I have just finished my first play through of WCEAR, and feel the need to collect my thoughts thus far -- this seems doubly important given the sad lack of attention that the so-called professional gaming press has put into reviewing this package. Wing Commander fans deserve to know exactly what they are getting here.
WCEAR is very, very hard.
This is a good thing, as far as I am concerned. A game that makes you believe you are getting better as you go along is gold. The original Wing Commander did this fairly well, and Origin's Wings of Glory perfected the experience. WCEAR does this in spades; it may take half an hour to finish an individual mission... but by the time you get home, you will feel that you have truly earned you rfive kills. Would that Wing Commander III had given that same emotion.
At the same time, let us admit that this is not wholly intentional. At best, it is half intentional, the result of the Mindscape team's best efforts to copy the gameplay of the original Wing Commander. The other half comes from the controls and the engine limitations on the (emulated) SNES A veteran space fighter pilot who has perfected the experience with a keyboard, throttle, rudder and joystick will have trouble adapting to eight buttons and a directional pad.
With some practice, though, it becomes second nature. EA Replay explains that the 'triangle' button is the "modifier". Keeping this thought in mind allowed me to figure out the controls with much more ease than previous console ports... they're intuitive once you put yourself in the right mindset, but they're maddening until that point. The amount of work you put into it is ultimately proportionate to the reward -- you will feel good when you shoot down your first Krant, you will feel good when you earn that first Bronze Star.
On to more specific things. As we expected, these are the SNES ports of Wing Commander and The Secret Missions run on some type of proprietary emulator.
This allows for a few neat features, including the ability to save anywhere in the game. This is especially valuable because Wing Commander has no internal save feature. After every system the player is given a password which he can use to resume the game at any point. Thanks to the external save feature, you can stop flying in the middle of a mission if that becomes a necessity. Perfect for Wing Commander on the go, or just making the SNES experience easier.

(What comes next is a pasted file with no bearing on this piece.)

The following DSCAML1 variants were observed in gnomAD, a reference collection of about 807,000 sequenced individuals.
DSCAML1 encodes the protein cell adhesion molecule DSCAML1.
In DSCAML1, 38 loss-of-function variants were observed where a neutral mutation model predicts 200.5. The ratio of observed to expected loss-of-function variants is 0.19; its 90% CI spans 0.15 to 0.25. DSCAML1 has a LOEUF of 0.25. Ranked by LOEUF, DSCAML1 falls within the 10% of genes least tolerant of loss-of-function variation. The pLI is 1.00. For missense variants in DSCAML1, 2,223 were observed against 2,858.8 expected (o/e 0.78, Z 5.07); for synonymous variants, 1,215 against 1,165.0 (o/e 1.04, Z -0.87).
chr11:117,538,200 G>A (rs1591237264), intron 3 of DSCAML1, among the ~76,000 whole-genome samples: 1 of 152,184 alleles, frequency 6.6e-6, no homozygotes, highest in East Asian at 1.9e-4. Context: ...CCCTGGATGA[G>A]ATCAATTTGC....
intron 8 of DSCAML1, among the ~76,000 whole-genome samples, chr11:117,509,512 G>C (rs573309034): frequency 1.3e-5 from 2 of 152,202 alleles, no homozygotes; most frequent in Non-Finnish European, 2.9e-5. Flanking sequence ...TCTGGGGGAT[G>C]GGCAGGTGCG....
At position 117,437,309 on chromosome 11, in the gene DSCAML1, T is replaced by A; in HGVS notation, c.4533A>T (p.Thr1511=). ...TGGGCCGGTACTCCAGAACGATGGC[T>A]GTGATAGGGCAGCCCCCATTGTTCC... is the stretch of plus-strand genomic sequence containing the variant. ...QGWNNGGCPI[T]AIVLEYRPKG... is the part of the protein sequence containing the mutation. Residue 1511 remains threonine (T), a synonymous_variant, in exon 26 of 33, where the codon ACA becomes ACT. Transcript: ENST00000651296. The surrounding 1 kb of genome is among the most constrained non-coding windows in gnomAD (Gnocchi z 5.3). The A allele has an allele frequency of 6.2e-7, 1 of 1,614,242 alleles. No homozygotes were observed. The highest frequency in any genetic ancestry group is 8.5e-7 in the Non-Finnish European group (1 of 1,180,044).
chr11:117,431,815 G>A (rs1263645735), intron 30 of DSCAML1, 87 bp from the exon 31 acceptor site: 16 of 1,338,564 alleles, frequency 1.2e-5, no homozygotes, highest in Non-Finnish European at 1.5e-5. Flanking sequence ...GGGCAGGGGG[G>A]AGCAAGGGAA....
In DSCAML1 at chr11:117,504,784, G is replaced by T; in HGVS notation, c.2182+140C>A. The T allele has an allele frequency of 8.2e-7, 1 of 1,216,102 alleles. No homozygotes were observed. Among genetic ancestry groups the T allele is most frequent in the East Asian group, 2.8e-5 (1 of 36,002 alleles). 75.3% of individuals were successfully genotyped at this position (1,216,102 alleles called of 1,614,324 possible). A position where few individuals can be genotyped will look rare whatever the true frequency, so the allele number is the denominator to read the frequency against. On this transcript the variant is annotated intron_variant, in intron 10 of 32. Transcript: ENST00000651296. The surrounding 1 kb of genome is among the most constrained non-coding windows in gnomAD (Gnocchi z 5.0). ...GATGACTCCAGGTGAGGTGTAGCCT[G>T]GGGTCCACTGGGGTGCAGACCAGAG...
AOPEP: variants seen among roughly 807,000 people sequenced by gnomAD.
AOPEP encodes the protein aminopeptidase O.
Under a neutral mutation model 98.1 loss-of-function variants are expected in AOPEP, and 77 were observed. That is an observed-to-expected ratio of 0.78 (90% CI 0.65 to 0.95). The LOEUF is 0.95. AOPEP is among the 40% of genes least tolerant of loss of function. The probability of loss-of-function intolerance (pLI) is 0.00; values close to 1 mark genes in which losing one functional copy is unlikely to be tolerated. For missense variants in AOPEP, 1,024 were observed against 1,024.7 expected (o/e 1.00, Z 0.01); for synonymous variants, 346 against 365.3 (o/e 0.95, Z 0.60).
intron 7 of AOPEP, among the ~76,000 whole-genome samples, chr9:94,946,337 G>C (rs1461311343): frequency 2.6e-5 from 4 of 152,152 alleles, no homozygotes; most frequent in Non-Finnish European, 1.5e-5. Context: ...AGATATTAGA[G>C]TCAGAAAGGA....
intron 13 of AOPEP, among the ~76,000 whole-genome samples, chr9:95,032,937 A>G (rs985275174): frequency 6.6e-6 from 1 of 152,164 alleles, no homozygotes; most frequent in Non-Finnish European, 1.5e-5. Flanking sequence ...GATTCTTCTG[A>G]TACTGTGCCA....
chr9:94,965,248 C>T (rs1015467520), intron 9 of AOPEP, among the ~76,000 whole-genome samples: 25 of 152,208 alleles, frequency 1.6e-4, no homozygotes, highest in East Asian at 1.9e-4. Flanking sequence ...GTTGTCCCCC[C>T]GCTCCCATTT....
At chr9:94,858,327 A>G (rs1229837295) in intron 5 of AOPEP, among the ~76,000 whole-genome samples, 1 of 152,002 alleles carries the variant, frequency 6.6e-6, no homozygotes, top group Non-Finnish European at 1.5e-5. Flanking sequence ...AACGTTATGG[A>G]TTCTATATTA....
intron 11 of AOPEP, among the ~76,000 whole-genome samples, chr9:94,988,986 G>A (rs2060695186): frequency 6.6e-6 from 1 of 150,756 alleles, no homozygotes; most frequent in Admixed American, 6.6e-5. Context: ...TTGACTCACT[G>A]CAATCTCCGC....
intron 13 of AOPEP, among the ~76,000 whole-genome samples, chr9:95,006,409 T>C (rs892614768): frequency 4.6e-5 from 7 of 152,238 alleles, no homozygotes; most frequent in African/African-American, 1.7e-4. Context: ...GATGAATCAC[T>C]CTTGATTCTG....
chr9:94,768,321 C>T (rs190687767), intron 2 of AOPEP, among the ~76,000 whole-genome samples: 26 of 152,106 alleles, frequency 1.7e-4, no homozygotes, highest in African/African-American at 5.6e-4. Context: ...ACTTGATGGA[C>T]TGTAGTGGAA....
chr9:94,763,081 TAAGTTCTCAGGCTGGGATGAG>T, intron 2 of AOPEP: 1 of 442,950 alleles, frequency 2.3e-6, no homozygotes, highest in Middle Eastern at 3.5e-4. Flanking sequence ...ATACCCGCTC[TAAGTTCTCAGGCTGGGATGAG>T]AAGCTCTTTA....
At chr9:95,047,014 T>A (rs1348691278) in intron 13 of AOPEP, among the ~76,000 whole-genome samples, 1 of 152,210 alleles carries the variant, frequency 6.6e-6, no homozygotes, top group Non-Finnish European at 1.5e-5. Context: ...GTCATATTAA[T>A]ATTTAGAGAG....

I also believe that the controls are slightly easier than the SNES version -- mostly because the PSP is layed out so that you are always "looking" at the buttons and the screen at the same time. The PSP also adds a digital joystick, which takes some work to get used to. Once you've mastered it, it improves the experience... until you do, though, you may find yourself switching back to the d-pad (which I was still doing when I hit the Venice star post!).
A major worry for fans when the title was announced was the 'aspect ratio'. The PSP, designed to play useless UMD movies, has a "wide screen" style display. I can happily report that these fears were groundless: expanding Wing Commander's graphics to 'fill' the screen look much better than the original SNES release, which squashed them to fit a square TV display. For purists, in so far as they could possibly exist in this sense, there is an option to play in the TV-ratio.
The immediate reaction of many people was that EAR should have included the PC version. This is not a reasonable request. While the PSP has the processor power to emulate DOS, there is no good way to replace the elaborate keyboard requirements of the original game. Even if the original Wing Commander source code still eixsts, it's doubtful that it could easily be adapted to a console.
There is a grand missed opportunity here, though. Most of the games in EAR are Genesis ports, and much more work was done integrating them into the package. Only the Genesis games feature 'unlockables' and they are the only games that have been edited in some way (Desert Strike, for instance, has been changed to show the proper PSP controls rather than the original ABC buttons).